Former environment secretary Owen Paterson argued that the UK would be able decide its own regulatory framework and take advantage of advances in new technologies, notably GM, far more effectively once it had thrown off the EU’s restrictive shackles following a Brexit vote on June 23.
Paterson warned that, technologically, the EU was falling dangerously behind other countries around the world. He said it was essential that new techniques were embraced if the rising global population was to be fed.
‘EU museum of farming’
“The EU is the museum of world farming,” said Paterson. “If we leave, we can embrace the innovation principle.”
But former food minster Sir James Paice countered that such views were “illusory”, given the real political and trading world in which we live.
Following an exit, the UK would still have to comply with EU rules on pesticides, maximum residue limits and GM foods if it hoped to continue exporting products to the continent, Paice argued. But the UK would no longer have any chance of influencing and changing the rules, he added.
He doubted that a future UK government would be interested in fighting agriculture’s corner outside the EU, given the urban bias across the nation and within parliament.
The debate, chaired by Farmers Guardian political editor Alistair Driver and titled ‘The EU referendum and what it means for regulation and innovation in UK food and farming’, was organised by the Crop Protection Association as part of its 2016 Annual Convention. It followed a polling update from market research company Populus, which reported on the latest trends in voting intentions for the EU referendum.
Undecided favour the status quo
While the briefing by Populus co-founder Andrew Cooper was off the record, he noted that previous referendum experience showed that large number of undecided voters ultimately tended to come down on the side of the status quo, which would favour continued EU membership.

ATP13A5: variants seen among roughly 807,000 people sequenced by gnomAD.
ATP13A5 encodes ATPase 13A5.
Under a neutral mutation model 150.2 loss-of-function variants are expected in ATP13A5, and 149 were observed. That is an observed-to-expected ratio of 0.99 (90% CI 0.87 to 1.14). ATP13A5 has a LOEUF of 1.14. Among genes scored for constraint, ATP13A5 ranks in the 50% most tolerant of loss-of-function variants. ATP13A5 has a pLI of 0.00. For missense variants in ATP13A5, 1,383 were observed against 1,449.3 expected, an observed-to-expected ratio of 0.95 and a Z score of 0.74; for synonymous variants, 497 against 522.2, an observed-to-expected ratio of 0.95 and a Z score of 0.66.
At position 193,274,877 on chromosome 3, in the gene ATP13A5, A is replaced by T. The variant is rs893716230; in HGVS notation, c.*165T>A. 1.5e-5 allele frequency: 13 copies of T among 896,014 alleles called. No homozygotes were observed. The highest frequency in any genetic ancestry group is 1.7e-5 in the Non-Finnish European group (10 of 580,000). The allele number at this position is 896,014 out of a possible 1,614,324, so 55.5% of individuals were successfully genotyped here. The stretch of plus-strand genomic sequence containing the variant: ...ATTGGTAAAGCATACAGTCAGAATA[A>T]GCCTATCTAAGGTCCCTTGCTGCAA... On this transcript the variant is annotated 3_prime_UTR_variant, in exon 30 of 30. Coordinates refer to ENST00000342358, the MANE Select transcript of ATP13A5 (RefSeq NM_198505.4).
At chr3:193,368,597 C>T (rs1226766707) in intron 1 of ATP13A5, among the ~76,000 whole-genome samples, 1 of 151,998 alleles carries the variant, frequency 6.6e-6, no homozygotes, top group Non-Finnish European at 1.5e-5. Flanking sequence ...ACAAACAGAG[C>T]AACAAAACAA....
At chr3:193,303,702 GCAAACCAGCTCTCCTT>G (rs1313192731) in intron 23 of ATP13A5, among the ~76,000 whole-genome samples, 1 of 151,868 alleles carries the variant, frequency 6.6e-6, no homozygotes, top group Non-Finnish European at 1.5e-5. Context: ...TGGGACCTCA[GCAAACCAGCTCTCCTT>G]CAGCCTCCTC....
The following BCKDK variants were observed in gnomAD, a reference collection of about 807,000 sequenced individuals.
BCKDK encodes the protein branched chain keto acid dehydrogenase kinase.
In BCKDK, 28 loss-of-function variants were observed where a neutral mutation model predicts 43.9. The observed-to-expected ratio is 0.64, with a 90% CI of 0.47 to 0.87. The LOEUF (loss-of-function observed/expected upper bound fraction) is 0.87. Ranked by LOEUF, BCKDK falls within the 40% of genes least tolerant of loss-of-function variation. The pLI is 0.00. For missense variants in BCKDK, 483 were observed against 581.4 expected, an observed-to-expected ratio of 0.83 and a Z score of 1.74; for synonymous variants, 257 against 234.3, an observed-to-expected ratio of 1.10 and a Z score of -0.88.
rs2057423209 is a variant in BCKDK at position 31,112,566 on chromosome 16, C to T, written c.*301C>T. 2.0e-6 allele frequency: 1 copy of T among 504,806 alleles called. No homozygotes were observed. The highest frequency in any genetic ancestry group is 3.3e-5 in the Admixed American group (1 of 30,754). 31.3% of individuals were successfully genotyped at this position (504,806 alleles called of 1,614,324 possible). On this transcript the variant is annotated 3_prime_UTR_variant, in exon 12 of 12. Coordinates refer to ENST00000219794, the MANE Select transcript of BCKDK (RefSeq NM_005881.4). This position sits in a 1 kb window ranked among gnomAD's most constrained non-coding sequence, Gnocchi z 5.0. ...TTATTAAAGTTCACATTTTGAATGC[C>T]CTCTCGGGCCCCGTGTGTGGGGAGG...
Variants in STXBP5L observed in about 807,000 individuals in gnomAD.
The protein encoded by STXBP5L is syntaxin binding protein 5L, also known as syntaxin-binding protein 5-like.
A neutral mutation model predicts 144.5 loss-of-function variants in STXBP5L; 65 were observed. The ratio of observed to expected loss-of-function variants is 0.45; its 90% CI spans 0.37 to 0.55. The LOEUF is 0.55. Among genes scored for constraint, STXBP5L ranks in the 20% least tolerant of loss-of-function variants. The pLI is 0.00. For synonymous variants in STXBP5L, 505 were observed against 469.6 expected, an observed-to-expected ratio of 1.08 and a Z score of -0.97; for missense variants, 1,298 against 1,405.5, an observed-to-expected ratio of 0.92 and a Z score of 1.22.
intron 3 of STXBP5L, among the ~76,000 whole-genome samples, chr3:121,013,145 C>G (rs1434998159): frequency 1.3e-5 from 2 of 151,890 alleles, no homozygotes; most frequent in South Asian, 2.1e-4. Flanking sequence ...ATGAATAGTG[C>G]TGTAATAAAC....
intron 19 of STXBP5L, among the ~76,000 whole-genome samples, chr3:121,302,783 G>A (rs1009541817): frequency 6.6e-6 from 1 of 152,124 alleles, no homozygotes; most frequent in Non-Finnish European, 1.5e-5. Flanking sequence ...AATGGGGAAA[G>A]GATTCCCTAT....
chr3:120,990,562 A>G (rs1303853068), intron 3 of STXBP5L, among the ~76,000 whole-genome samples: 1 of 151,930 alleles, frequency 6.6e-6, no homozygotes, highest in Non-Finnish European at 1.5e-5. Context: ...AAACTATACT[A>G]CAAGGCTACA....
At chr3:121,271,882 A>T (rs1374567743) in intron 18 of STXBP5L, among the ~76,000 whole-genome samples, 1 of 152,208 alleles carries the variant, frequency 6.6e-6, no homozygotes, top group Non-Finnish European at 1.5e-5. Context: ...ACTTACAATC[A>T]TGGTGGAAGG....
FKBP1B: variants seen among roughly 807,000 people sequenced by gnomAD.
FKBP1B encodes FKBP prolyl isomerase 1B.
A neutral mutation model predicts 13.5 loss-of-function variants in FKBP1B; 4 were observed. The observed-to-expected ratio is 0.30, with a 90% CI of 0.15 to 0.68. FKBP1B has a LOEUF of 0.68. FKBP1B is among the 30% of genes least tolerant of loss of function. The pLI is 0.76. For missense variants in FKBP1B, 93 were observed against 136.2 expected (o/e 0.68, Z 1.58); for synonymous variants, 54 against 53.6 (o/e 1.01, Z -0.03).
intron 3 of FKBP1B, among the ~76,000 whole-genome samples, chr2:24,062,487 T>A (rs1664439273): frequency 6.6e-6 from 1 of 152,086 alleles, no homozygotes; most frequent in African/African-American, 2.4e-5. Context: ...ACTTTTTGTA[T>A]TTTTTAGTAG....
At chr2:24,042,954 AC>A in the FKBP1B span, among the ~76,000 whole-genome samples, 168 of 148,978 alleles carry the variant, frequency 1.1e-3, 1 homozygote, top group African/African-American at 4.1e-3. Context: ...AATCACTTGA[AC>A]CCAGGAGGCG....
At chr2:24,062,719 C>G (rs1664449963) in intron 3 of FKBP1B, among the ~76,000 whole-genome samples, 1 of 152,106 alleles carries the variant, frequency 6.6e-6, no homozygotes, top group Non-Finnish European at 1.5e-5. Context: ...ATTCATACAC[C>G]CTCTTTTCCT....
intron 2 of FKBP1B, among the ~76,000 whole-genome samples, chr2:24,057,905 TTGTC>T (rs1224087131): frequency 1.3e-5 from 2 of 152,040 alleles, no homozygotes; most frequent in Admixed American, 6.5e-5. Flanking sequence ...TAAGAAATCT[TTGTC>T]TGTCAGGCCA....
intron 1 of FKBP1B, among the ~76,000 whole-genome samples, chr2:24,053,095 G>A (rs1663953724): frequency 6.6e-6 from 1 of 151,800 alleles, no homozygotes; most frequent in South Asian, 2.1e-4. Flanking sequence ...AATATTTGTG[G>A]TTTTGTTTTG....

Other speakers in the debate were Guy Smith, vice president of the National Farmers Union and Huw Jones, professor of translational genomics for plant breeding at Aberystwyth University. Jones regretted that “GM regulations are not working for industry”.
Jones added: “They’re not working for SMEs [small and medium-sized enterprises] or academics who are working on the gene editing of foods.”
However, he thought faster progress would be achieved by the UK remaining in the EU and fighting for a change in the regulation of GM from within – especially given the huge importance of EU export markets to UK cereal farmers, which he valued at around £500M annually.
Paterson pointed to the huge influence of green activists and non-governmental organisations (NGOs) on EU policy makers, which prevented many new technologies from being adopted, he claimed.
But Paice suggested that future UK governments – particularly potential left-of centre-Labour administrations – were likely to be more susceptible to pressure from NGOs and tabloid scare stories outside the EU.